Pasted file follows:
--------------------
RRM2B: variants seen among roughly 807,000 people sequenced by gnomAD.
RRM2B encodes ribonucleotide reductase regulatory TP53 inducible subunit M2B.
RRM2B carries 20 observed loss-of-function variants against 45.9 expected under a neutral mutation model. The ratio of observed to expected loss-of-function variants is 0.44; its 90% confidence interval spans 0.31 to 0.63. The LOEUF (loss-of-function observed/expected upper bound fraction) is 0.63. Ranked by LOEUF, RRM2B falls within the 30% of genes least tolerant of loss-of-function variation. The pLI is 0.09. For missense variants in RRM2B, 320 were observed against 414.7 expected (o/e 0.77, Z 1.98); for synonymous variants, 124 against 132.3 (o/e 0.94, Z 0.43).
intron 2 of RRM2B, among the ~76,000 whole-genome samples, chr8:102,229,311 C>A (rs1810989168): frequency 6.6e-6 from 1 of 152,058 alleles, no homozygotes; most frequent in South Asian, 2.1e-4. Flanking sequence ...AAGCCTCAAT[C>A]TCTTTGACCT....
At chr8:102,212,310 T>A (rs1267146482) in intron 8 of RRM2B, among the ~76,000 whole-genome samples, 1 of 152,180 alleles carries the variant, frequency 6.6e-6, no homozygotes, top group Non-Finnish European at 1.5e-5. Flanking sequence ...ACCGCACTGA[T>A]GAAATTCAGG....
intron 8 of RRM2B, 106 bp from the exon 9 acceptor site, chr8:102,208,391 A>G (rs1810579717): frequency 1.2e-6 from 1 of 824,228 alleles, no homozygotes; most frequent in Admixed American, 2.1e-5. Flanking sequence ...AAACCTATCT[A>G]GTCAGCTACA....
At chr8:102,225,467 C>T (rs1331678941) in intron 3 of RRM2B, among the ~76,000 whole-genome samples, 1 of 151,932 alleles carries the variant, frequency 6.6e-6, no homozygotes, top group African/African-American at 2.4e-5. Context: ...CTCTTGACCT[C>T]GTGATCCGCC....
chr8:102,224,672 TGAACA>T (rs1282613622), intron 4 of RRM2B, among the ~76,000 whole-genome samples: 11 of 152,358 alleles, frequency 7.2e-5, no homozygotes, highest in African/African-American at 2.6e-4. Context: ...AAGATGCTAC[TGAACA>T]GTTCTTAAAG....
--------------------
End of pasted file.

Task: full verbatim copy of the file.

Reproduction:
RRM2B: variants seen among roughly 807,000 people sequenced by gnomAD.
RRM2B encodes ribonucleotide reductase regulatory TP53 inducible subunit M2B.
RRM2B carries 20 observed loss-of-function variants against 45.9 expected under a neutral mutation model. The ratio of observed to expected loss-of-function variants is 0.44; its 90% confidence interval spans 0.31 to 0.63. The LOEUF (loss-of-function observed/expected upper bound fraction) is 0.63. Ranked by LOEUF, RRM2B falls within the 30% of genes least tolerant of loss-of-function variation. The pLI is 0.09. For missense variants in RRM2B, 320 were observed against 414.7 expected (o/e 0.77, Z 1.98); for synonymous variants, 124 against 132.3 (o/e 0.94, Z 0.43).
intron 2 of RRM2B, among the ~76,000 whole-genome samples, chr8:102,229,311 C>A (rs1810989168): frequency 6.6e-6 from 1 of 152,058 alleles, no homozygotes; most frequent in South Asian, 2.1e-4. Flanking sequence ...AAGCCTCAAT[C>A]TCTTTGACCT....
At chr8:102,212,310 T>A (rs1267146482) in intron 8 of RRM2B, among the ~76,000 whole-genome samples, 1 of 152,180 alleles carries the variant, frequency 6.6e-6, no homozygotes, top group Non-Finnish European at 1.5e-5. Flanking sequence ...ACCGCACTGA[T>A]GAAATTCAGG....
intron 8 of RRM2B, 106 bp from the exon 9 acceptor site, chr8:102,208,391 A>G (rs1810579717): frequency 1.2e-6 from 1 of 824,228 alleles, no homozygotes; most frequent in Admixed American, 2.1e-5. Flanking sequence ...AAACCTATCT[A>G]GTCAGCTACA....
At chr8:102,225,467 C>T (rs1331678941) in intron 3 of RRM2B, among the ~76,000 whole-genome samples, 1 of 151,932 alleles carries the variant, frequency 6.6e-6, no homozygotes, top group African/African-American at 2.4e-5. Context: ...CTCTTGACCT[C>T]GTGATCCGCC....
chr8:102,224,672 TGAACA>T (rs1282613622), intron 4 of RRM2B, among the ~76,000 whole-genome samples: 11 of 152,358 alleles, frequency 7.2e-5, no homozygotes, highest in African/African-American at 2.6e-4. Context: ...AAGATGCTAC[TGAACA>T]GTTCTTAAAG....